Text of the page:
H.T. Chen & Dancers return to campus

Caprice Turchiano

Student dancers (Beam Maskati, Keshini Cardozo, Sadie Fernandez, and Ashley Xu from left to right) perform Hidden Voices choreography. (Photo courtesy of Brad Wakoff.)

Whirling around the stage, one arm outstretched holding a red lantern and the other clenched in a fist at the waist, the members of H.T. Chen & Dancers demonstrated their unique modern dance technique on the main stage of the ’62 Center for Theatre and Dance on Oct. 15. The company performed an hour-long program inspired by Asian American heritage, including an excerpt of Hidden Voices, a dance drawn from the experiences of Chinese workers during a North Adams factory strike in the 1870s. 

H.T. Chen & Dancers is a touring dance company based in New York City that performs modern works nationally and internationally. The company’s co-choreographers, H.T. Chen and Dian Dong, met while they were students at Juilliard. As Dong explained as she introduced the program, once they graduated, they felt the need to work within their own Asian American communities. They founded the Chen Dance Center, and today they incorporate Asian American history into their performances, programming, and community outreach.

As a warm-up, the company dancers displayed modified tai chi movements. Holding invisible balls of energy and pushing imaginary mountains from side to side, the performers engaged their muscles through imagined resistance by the mind.

Next, twirling a long pole parallel to his body, one of the dancers demonstrated the idea of planal organization — the idea that the space around our bodies can be categorized into vertical, horizontal, and diagonal planes — that influences the company’s technique. The “short pole form,” which employs a shorter pole than in the previous section, the dancers constructed their movements around the positioning of the pole, holding it over their heads or using it as an anchor to the floor.

H.T. Chen & Dancers demonstrate the short pole form. (Photo courtesy of Brad Wakoff.)

 Finally, the company performed an excerpt of Hidden Voices, a piece originally commissioned by and performed at the College in 1993. The professional dancers shared the stage with four students at the College, all of them members of the Williams Contemporary Dance Ensemble (CoDa) — Ashley Xu ’22, Keshini Cardozo ’24, Beam Maskati ’25, and Sadie Fernandez ’25.

Per the company’s website, Hidden Voices tells the story of Chinese workers in North Adams, whom factory owners brought to the town as strikebreakers in the late 1870s. Dancers portraying local strikers and immigrant strikebreakers fought in choreographed chaos set to energizing music. They battled over bowls, representing the Chinese laborers’ personal possessions, and aprons, representing the jobs themselves.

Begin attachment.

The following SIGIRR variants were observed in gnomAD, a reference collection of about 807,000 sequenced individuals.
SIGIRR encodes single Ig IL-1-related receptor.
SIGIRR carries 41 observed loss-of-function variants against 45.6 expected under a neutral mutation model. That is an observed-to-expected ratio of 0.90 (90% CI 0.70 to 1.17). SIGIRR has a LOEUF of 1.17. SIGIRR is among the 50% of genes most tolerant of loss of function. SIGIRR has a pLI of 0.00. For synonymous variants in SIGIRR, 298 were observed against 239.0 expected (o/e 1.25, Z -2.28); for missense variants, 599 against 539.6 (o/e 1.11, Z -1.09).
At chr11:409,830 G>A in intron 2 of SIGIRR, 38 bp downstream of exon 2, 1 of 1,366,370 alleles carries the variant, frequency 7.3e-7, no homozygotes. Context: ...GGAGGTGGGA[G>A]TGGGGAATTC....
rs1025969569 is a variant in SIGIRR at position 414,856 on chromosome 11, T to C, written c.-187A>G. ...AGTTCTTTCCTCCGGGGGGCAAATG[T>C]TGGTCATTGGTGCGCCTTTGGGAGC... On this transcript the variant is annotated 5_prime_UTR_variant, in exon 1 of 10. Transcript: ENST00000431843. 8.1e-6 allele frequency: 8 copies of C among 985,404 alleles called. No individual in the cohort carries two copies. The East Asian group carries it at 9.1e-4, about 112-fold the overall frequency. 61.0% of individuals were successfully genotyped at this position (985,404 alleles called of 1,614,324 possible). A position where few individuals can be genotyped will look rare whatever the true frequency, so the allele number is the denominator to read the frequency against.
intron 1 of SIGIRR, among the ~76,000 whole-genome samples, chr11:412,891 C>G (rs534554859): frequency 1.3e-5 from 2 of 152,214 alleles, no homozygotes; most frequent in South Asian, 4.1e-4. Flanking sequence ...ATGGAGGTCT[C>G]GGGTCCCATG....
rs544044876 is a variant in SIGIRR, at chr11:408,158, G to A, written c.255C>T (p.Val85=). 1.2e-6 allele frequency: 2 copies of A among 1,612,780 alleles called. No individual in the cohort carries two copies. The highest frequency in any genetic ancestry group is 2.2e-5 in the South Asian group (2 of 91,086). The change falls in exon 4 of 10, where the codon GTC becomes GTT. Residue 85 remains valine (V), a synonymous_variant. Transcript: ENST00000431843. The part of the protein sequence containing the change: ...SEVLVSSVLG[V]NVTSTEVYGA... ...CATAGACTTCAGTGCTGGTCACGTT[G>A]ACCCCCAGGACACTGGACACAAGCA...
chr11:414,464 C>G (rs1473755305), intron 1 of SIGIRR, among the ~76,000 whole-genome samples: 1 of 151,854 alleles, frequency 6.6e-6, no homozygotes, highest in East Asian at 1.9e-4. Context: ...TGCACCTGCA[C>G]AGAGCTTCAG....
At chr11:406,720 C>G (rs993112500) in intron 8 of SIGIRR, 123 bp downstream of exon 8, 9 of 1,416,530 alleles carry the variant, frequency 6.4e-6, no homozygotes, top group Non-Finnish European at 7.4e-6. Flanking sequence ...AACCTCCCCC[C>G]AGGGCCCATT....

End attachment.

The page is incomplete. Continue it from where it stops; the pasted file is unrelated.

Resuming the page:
The choreography reflected the racist backlash that the Chinese workers faced upon arriving in North Adams; they were supposed to stay with local families but were instead greeted by angry townspeople. North Adams locals resented the Chinese workers for accepting the jobs, despite the fact that the strikebreakers were paid half the wages of the former workers. The Chinese workers were thus forced to live in the factory in which they worked. The strike lasted for three years, after which both groups worked together. 

In rehearsals, Chen explained how each move related to a specific part of the story. “For example, there was one part where we did bourrées [a dance involving quick, small steps] and [Chen] emphasized that the sound was supposed to be like a sewing machine in the factories,” Cardozo said.

H.T. Chen & Dancers and CoDa dancers in Hidden Voices. (Photo courtesy of Brad Wakoff.)

H.T. Chen & Dancers has had a long association with the College. The College sponsored the 1993 on-site research and inception of Hidden Voices. In 2016, the company did a residency at Williams, performing a piece called South of Gold Mountain, which explored the history and hardships of Chinese immigrants living in the South. Co-Artistic Director of CoDA Erica Dankmeyer, worked with the company while they were visiting in 2016, and again during this year’s visit. 

To prepare for this year’s performance, the company initially sent over videos of the choreography, which Dankmeyer then taught to the student performers. She said working with the company illustrated the importance of collaboration in dance.

“I really came away from this project with a real realization about the art and craft of incorporating students into work that is already made,” Dankmeyer said. “It was really quite an undertaking. It made me very optimistic and excited, which often happens with dancers at Williams.”

Participating in this performance was also meaningful to the student performers. “Being a part of a piece that means so much to local history and stands for social justice … contributed to how wonderful the whole experience was,” Xu said.